Monday, May 30, 2011

Down Go the Dodgers: the Stow Suit Deepens the Debacle

The legal web cast over the storied Los Angeles Dodgers franchise just keeps getting more tangled. The family of injured San Francisco Giants fan, Bryan Stow, filed a nine-count Complaint against the Dodgers, its various holdings, and owner Frank McCourt. Stow was severely beaten in the parking lot following the opening day game between the Dodgers and Giants and remains in a coma in a San Francisco hospital. The much publicized incident has occasioned harsh criticisms on Dodgers management, but has also inspired generous charitable contributions from many parties, including much maligned former Giant, Barry Bonds. The Complaint includes various counts ranging from negligence, infliction of emotional distress, loss of consortium, and assault and battery. The full Complaint can be read here.

The allegations paint a picture of gross mismanagement of funds and resources attributable to the McCourts. The public picture already painted by the much publicized divorce proceedings between McCourt and his wife, Jamie, and their insistence on maintaining their posh lifestyle despite financial misfortune would seem to support the allegations. The complaint focuses on a myriad of inadequate security measures in place as a result of McCourt’s lapses in judgment and spending. Dodger stadium was built in 1962, and the Stows partially attribute the incident to inadequate and antiquated parking lot lighting where the beating occurred. A further contributing factor cited is the “half-off” alcohol promotion for day games at Dodgers Stadium. The most obvious danger, however, is the vastly insufficient quantity and quality of security personnel. McCourt subsequently acknowledged the shortcomings in security (including a drop in the number of uniformed police utilized and no chief of security) and took remedial measures, but that is of little consequence to Stow and his family.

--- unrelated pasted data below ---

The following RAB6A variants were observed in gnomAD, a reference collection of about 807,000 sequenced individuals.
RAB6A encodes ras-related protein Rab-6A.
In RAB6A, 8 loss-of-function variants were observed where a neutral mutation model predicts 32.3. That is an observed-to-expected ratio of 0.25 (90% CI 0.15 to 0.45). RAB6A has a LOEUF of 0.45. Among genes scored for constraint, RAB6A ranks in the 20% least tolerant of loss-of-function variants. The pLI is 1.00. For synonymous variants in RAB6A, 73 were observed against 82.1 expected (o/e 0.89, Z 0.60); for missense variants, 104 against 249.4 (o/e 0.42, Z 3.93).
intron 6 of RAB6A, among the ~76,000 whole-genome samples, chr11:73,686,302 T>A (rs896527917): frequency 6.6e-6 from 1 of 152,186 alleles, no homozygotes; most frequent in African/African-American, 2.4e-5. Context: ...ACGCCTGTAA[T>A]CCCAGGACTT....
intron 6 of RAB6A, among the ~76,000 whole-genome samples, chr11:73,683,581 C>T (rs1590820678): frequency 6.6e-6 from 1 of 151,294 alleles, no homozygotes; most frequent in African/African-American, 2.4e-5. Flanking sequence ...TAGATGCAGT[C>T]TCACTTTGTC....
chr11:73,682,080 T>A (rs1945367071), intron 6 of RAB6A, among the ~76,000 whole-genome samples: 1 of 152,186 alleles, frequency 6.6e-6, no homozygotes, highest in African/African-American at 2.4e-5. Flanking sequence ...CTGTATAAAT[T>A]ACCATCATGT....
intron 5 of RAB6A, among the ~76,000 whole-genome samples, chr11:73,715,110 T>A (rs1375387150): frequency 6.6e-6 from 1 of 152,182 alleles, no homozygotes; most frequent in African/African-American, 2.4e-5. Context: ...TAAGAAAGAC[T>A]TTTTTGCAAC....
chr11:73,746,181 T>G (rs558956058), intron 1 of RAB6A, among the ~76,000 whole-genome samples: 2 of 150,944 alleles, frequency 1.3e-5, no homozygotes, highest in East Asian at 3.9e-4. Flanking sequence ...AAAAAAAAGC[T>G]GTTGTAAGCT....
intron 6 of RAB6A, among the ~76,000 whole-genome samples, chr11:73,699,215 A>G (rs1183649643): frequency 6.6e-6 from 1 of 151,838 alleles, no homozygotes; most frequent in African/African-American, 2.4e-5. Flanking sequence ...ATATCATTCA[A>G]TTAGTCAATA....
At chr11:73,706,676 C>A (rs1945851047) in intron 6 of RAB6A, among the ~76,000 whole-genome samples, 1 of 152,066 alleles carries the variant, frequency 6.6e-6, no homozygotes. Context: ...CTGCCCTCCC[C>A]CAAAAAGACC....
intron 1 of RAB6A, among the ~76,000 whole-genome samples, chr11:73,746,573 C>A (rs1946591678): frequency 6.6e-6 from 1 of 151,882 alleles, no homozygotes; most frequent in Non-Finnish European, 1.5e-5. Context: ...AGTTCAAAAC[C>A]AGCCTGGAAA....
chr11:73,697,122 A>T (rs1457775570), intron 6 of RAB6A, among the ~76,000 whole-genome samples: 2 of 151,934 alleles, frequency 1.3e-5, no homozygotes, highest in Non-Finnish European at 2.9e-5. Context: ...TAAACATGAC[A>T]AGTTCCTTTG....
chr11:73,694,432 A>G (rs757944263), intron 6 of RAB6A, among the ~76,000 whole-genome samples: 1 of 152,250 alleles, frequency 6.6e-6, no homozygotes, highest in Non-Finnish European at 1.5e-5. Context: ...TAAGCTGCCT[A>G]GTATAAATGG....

Following, but presumably unrelated to, this heinous incident, Major League Baseball assumed control of the Dodgers. By all counts, MLB was compelled to this move by an apparent lack of financial management. The Commissioner can assume control of teams under his broad power to act in the best interest of baseball and clearly it is his prerogative to prevent further embarrassment to a once proud franchise and ensure the safety of patrons. Mike discussed the full legal ramifications of the takeover in his Sports Illustrated column last month.

Generally, spectators assume the risks associated with attending a live sporting event (e.g. foul balls), but that does not preclude an owner’s liability when certain actions or omissions exceed the spectator’s reasonable expectations, like assault and battery. Fortunately for the Dodgers Defendants, the general rule is that premises owners are not liable in tort for the intervening criminal acts of third-parties. However, a question for consideration that may allow the Plaintiffs here to survive dispositive motions are what level of security was provided by the Dodgers to patrons in the parking lots and at the taxi stands prior to the incident, as the same may show that the Dodgers assumed a level of control that removed the organization from claiming shelter from liability for the intervening criminal acts of third-parties. Remember that actions taken by the Dodgers, under MLB control and otherwise, since the incident would likely not be allowed as evidence in a liability action against the Dodgers as the same would be regarded as a post-remedial measure.

It will be interesting to see what, if any, say MLB has with regard to the named Dodgers Defendants as the same are now under some level of control by the League; a control that McCourt has been fighting against. Certainly the filing of this lawsuit is not helping the League’s efforts to reverse the downward spiral the Dodgers organization finds itself in.